GetUp!, a Sydney-based group that campaigns on political issues, paid A$16,100 ($14,000) for Afghan refugee Riz Wakil to have the lesson with Abbott in a bid to get him to soften his stance on controlling asylum seekers. Abbott is favored in polls to win an election due to be held in the next 10 months.
“Tony Abbott has to have a heart and I want him to have a more humane approach to border protection,” Wakil, said in an interview from his printing business in Sydney. “His policies are not humane and won’t stop the number of asylum seekers coming to Australia.”
Wakil, who came to Australia in 1999 on a fishing boat and spent nine months in a detention center before becoming an Australian citizen, has never been on a surfboard. Abbott, 52, who won two boxing Blues while studying at Oxford University, is a swimmer, surfer and cyclist.
His Liberal-National coalition has promised to increase border protection measures, including turning back boats carrying asylum seekers and processing refugee applications on offshore islands. Abbott blames the Rudd government’s softer border policies for an increase in the number of refugee boats arriving on Australian shores.
About 3,204 asylum seekers have arrived on 69 boats so far this year, Immigration Department figures show. That compares with 2,726 on 60 boats in 2009.
Abbott’s coalition led Rudd’s governing Labor party in a Nielsen opinion poll published in the Sydney Morning Herald on June 7. The coalition led labor 53 percent to 47 percent, according to the poll that had a margin of error of 2.6 percentage points.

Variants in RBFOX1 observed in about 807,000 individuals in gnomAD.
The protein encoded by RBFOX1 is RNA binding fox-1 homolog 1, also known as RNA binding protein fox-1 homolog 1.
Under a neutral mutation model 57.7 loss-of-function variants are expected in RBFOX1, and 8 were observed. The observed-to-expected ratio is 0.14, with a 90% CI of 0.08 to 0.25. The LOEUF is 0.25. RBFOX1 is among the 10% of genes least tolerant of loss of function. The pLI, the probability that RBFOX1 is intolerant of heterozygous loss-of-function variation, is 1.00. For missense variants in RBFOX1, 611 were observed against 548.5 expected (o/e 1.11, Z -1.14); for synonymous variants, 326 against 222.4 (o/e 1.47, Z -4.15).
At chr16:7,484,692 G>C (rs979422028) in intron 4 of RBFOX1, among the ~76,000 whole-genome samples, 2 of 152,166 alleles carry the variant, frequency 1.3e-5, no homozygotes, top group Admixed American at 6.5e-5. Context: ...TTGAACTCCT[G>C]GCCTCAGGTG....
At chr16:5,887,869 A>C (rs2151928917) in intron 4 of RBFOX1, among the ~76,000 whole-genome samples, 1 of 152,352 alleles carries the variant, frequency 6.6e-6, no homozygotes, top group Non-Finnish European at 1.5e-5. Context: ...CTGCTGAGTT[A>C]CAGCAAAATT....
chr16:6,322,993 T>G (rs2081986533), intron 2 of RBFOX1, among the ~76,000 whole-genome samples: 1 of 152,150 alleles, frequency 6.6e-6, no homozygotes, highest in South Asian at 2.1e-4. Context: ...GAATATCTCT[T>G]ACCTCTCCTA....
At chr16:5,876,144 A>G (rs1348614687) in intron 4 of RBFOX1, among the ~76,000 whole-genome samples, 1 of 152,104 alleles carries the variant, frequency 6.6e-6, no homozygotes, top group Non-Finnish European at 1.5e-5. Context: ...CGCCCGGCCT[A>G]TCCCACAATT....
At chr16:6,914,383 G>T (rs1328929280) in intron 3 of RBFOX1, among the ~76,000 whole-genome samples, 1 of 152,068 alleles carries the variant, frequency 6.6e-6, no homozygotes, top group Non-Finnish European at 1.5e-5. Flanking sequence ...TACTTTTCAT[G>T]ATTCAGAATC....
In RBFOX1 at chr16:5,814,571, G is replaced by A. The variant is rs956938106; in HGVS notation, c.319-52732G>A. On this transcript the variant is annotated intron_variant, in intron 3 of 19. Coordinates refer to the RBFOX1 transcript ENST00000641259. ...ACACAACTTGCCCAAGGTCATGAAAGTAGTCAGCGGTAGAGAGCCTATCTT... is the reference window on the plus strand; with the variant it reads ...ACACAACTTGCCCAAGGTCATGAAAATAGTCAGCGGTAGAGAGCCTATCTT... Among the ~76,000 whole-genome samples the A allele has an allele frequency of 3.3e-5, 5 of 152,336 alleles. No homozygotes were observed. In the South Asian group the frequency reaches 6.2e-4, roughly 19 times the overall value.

Since winning office in November 2007, Rudd has moved to dismantle former Prime Minister John Howard’s “Pacific Solution” policy of detaining refugees in island camps in third countries and has pledged to speed up the assessment of asylum claims.
The government in 2008 closed detention centers on Nauru and Manus, a province of Papua New Guinea.
Rudd on April 9 halted processing new asylum claims from Afghanistan and Sri Lanka to refute claims it had softened border protection. Australia will accept 13,750 refugees and people who qualify under special humanitarian rules in the year ending June 30, up from 13,507 in the previous year.
“People in Afghanistan are still being persecuted,” Wakil said. “Tough measures will not stop people arriving on boats. They are desperate.” He doesn’t yet know when the surfing lesson with Abbott will be.